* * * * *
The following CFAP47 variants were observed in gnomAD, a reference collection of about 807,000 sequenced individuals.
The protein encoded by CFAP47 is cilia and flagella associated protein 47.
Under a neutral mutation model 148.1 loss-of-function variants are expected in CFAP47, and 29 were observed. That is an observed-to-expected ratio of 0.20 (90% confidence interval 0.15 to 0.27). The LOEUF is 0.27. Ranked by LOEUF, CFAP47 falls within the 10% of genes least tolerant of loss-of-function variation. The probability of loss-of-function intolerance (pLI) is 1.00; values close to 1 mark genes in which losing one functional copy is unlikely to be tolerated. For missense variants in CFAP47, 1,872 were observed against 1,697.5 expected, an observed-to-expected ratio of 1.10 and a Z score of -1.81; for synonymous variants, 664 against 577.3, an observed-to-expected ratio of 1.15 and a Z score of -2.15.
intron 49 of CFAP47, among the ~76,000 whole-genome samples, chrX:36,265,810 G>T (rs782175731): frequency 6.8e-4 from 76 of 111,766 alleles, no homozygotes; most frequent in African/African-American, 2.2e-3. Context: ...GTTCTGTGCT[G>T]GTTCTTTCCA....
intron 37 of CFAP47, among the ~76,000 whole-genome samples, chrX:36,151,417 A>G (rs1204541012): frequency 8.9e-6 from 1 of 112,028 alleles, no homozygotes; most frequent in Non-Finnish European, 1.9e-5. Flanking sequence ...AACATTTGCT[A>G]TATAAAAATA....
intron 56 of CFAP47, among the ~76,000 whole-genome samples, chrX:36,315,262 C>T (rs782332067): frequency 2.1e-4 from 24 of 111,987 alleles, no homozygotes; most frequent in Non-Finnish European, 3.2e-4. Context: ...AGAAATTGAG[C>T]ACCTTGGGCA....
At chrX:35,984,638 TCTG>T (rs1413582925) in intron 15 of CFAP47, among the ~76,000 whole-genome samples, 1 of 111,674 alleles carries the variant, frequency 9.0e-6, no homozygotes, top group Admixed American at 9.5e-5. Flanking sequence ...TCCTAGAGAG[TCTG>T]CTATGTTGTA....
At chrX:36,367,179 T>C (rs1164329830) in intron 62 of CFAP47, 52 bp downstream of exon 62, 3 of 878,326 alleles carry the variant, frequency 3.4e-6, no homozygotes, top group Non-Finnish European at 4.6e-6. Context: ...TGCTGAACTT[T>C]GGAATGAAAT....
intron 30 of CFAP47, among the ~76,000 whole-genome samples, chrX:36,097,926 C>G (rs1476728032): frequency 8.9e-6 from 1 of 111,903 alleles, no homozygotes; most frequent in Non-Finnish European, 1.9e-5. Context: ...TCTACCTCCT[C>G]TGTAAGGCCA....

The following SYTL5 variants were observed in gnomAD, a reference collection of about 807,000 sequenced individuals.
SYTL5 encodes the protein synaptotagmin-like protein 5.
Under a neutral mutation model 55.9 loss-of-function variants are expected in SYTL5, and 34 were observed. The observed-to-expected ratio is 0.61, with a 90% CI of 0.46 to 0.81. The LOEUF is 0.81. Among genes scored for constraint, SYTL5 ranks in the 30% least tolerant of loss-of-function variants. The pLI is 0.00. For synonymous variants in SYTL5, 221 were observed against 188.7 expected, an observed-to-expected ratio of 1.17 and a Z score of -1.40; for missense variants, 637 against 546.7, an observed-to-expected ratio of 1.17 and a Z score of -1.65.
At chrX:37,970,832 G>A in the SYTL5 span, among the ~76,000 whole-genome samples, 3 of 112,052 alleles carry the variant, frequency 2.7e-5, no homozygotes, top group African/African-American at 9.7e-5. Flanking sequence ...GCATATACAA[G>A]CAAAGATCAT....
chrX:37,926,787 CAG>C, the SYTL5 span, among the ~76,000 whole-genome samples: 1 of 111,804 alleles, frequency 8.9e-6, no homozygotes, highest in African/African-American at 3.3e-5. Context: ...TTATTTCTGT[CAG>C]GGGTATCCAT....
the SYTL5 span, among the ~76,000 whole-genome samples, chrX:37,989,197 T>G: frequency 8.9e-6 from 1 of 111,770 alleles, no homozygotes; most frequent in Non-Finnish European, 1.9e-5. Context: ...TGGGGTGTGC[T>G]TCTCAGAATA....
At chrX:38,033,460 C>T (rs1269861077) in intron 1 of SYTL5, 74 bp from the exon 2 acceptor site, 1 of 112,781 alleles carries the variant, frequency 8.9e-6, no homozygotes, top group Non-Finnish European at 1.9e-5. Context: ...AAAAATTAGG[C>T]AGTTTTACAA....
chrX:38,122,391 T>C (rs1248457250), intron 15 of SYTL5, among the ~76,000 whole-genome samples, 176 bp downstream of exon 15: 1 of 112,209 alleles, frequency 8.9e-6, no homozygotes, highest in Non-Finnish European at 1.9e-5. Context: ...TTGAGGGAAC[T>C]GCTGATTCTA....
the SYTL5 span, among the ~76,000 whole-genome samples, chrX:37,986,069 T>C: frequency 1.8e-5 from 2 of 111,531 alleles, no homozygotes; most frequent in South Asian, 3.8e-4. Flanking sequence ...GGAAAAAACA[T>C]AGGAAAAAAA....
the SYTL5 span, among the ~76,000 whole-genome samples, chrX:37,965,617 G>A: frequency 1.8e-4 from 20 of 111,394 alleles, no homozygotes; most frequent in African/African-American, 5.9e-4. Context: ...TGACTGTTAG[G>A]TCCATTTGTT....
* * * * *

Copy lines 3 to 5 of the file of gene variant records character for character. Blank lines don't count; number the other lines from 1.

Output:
Under a neutral mutation model 148.1 loss-of-function variants are expected in CFAP47, and 29 were observed. That is an observed-to-expected ratio of 0.20 (90% confidence interval 0.15 to 0.27). The LOEUF is 0.27. Ranked by LOEUF, CFAP47 falls within the 10% of genes least tolerant of loss-of-function variation. The probability of loss-of-function intolerance (pLI) is 1.00; values close to 1 mark genes in which losing one functional copy is unlikely to be tolerated. For missense variants in CFAP47, 1,872 were observed against 1,697.5 expected, an observed-to-expected ratio of 1.10 and a Z score of -1.81; for synonymous variants, 664 against 577.3, an observed-to-expected ratio of 1.15 and a Z score of -2.15.
intron 49 of CFAP47, among the ~76,000 whole-genome samples, chrX:36,265,810 G>T (rs782175731): frequency 6.8e-4 from 76 of 111,766 alleles, no homozygotes; most frequent in African/African-American, 2.2e-3. Context: ...GTTCTGTGCT[G>T]GTTCTTTCCA....
intron 37 of CFAP47, among the ~76,000 whole-genome samples, chrX:36,151,417 A>G (rs1204541012): frequency 8.9e-6 from 1 of 112,028 alleles, no homozygotes; most frequent in Non-Finnish European, 1.9e-5. Flanking sequence ...AACATTTGCT[A>G]TATAAAAATA....